Hi hello, it’s Cy! I’m making a lot of assumptions in these blogs that anyone here is either very Team Remote-Work, or Team Curious-About-Remote-Work. However, I want to be absolutely clear that my whole premise is that most companies haven’t done authentic remote work yet. What they HAVE done is worked from their homes during a pandemic. Potentially, they have experienced working separately from an in-person, or co-located, team. But remote work is an entirely new paradigm that requires its own unique structure and philosophy.
So it’s worth it to step back a bit and identify the problem space we need to solve, and maybe even take a look at how we got here.
The Before Times
Working outside of the office obviously isn’t new. Folks have been doing it forever. But it bears remembering that remote work was originally designed for an exceptional person, team, or situation. As a result, the intention was to have that exception integrate with a co-located team in a way that inconvenienced that office-based team as little as possible. You might remember familiar experiences such as:
- The contractor or contract team that works remotely on a siloed project and reports back deliverables on a pre-defined cadence
- A traveling employee, like regional sales or product evangelist roles, whose job it was to travel around and visit OTHER co-located teams before reporting back to their OWN co-located team
- Someone happens to be out-of-pocket for the day, but is answering emails or popping into meetings
In all of these cases, the intent was the seamless integration with a co-located team. The focus was never on the remote person or team and what would work best for their specific circumstances.
And it was under these circumstances that we got hit with the pandemic. We had an urgent need to find something that worked– and so we worked with what we had– a bunch of tools that were made with the explicit purpose of fostering interaction with an old fashioned, co-located team. Part and parcel with this, is we carried over our existing mythologies of how work gets done. But let’s look at that a bit more closely.
Our original productivity ideas and structures came at a time when work could NOT be done from just anywhere. Truly, the ubiquity and prevalence of the internet has revolutionized work. Yet, we’ve not recalibrated our expectations and understanding of work to go along with it.
Around the end of World War 1, a 9-5 job was a heckin STEAL. There were several movements in the United States to legislate shorter and shorter weekly hours, but we landed at around 40 hours a week by social consensus in the 1940s and that average lasted through the 1990s. But we’re creeping back up on those industrial revolution hours again with tech workers commonly clocking in 60 hours or more a week.
But those extra hours don’t necessarily translate to more work getting done. Rather, we adopted a trend of performative productivity. We were at the office more, but more of our day was taken up by meetings (often including the meta of SCHEDULING meetings), socializing, office politicking and the optics of work. We’ve conflated butts-in-seats time with potential productivity, and this is rife with its own obstacles. A lot of these myths have been dismantled over the past couple years, but we haven’t replaced the habits, expectations and practices. And while there is absolutely a place for in-person collaboration, and there always should be– nothing quite hits like a team gathered around in a single space, especially for kicking off projects or high level ideation– we vastly overestimate how often this is necessary, and in what use-cases co-location is best served.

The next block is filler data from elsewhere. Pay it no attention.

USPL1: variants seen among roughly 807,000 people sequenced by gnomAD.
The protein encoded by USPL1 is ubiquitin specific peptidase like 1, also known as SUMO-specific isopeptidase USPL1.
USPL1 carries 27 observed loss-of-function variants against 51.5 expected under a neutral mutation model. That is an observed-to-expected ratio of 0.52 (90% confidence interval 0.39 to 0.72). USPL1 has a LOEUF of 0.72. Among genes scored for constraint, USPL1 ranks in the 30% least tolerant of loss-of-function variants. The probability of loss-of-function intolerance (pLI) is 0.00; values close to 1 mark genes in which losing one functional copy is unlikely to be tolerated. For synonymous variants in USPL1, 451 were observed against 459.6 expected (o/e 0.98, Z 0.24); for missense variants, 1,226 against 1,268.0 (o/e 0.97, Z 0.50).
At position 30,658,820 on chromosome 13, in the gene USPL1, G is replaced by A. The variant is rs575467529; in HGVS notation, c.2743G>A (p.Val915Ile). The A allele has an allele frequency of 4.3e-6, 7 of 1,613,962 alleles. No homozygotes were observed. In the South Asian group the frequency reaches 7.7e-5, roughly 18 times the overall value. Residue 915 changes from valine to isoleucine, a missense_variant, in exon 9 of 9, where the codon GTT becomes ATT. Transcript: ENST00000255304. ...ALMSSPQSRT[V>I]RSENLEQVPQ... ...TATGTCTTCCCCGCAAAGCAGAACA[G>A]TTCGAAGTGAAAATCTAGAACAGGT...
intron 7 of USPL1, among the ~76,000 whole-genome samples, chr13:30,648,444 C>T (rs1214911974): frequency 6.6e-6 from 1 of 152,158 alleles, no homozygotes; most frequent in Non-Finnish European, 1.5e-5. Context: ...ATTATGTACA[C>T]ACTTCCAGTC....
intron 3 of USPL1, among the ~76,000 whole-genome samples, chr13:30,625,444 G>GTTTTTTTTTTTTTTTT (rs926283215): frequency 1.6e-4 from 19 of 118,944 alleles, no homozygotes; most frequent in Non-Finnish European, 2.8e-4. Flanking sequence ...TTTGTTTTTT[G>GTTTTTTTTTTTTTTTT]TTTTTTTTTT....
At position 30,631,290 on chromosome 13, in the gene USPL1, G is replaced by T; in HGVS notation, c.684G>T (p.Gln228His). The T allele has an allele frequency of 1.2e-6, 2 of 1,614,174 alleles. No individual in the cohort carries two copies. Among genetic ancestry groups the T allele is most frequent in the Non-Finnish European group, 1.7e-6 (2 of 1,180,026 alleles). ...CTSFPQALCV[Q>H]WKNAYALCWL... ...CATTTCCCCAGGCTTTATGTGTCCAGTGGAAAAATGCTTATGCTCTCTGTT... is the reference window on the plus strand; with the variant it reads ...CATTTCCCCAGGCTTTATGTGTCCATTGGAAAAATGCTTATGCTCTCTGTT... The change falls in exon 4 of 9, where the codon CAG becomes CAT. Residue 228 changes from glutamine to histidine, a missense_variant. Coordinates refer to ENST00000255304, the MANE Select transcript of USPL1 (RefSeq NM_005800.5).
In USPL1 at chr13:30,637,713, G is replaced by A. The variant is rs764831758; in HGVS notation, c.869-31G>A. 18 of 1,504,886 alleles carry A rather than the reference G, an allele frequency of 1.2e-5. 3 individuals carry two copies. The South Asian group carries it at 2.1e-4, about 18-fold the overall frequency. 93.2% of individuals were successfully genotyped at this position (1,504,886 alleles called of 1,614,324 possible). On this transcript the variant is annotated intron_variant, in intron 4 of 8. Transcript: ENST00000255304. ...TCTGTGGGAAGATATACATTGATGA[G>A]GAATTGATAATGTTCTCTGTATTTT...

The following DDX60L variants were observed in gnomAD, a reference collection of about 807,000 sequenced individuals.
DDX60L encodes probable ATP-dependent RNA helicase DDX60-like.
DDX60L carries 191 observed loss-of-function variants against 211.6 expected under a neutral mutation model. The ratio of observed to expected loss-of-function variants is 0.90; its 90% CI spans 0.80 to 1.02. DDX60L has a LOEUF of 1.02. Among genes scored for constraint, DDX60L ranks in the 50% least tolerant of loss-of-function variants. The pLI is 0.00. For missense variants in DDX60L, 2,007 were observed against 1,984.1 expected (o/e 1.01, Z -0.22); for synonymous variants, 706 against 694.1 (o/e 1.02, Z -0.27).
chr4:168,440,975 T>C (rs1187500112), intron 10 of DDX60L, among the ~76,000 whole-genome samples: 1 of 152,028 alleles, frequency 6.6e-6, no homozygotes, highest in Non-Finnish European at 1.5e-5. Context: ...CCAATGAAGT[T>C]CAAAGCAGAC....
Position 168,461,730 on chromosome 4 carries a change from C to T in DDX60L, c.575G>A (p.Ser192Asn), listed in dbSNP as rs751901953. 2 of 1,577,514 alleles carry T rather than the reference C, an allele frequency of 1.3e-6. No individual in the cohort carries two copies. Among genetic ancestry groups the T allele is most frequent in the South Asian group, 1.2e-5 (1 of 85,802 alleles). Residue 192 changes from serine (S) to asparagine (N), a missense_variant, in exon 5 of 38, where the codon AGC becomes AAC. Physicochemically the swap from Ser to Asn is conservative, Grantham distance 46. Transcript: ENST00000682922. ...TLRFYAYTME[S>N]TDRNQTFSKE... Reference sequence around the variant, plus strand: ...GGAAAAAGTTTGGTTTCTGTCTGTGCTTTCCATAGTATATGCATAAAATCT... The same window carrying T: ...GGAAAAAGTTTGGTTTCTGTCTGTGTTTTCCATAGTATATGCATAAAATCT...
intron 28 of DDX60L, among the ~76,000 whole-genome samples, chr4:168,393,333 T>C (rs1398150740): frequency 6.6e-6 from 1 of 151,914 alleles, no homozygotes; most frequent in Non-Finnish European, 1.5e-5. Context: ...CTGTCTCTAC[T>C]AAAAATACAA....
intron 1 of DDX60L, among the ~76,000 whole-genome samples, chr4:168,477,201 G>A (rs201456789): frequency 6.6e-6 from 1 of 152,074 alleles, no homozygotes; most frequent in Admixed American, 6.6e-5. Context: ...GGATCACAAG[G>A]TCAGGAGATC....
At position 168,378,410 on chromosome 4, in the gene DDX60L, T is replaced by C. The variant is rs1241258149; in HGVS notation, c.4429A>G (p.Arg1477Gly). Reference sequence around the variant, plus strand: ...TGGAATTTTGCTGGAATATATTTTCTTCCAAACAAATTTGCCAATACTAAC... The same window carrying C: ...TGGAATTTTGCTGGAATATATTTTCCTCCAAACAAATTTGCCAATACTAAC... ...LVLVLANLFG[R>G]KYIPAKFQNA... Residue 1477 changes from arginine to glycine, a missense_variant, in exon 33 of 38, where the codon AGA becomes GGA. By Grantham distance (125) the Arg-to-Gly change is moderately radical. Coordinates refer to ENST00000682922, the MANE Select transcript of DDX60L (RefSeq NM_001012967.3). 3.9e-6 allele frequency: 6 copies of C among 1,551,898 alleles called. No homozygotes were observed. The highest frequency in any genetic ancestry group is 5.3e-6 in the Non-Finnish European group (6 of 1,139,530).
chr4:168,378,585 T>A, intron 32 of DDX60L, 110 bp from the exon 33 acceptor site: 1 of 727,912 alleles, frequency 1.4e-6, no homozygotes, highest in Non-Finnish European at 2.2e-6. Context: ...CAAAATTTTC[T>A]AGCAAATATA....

With so many folks in one co-located space performing the optics of productivity, one of the biggest issues is the onslaught of distractions. Between endless meetings, noisy workmates, fire drills, lunch planning, fly-by interactions– it could be an absolute nightmare to find time to actually get work done. Office Managers, Productivity Experts, and Studio Operations folk became experts at minimizing distractions. Systems like Agile and Waterfall took off to try and organize vast amounts of work through structured and limited meetings, and physical office planning moved toward giant dev pits for collaboration. When that failed, with people turning to headphones as a replacement for their lost office doors, building plans then started backing away from the open office space idea in favor of smaller pods to reduce distractions. And it was absolute anathema to place a break room anywhere CLOSE to where work needed to get done. The intention of all of these improvements and shifts were in the effort to minimize distractions. And I say minimize specifically, because they can never be eliminated. And truly, you wouldn’t want to! But this isn’t a problem with remote work.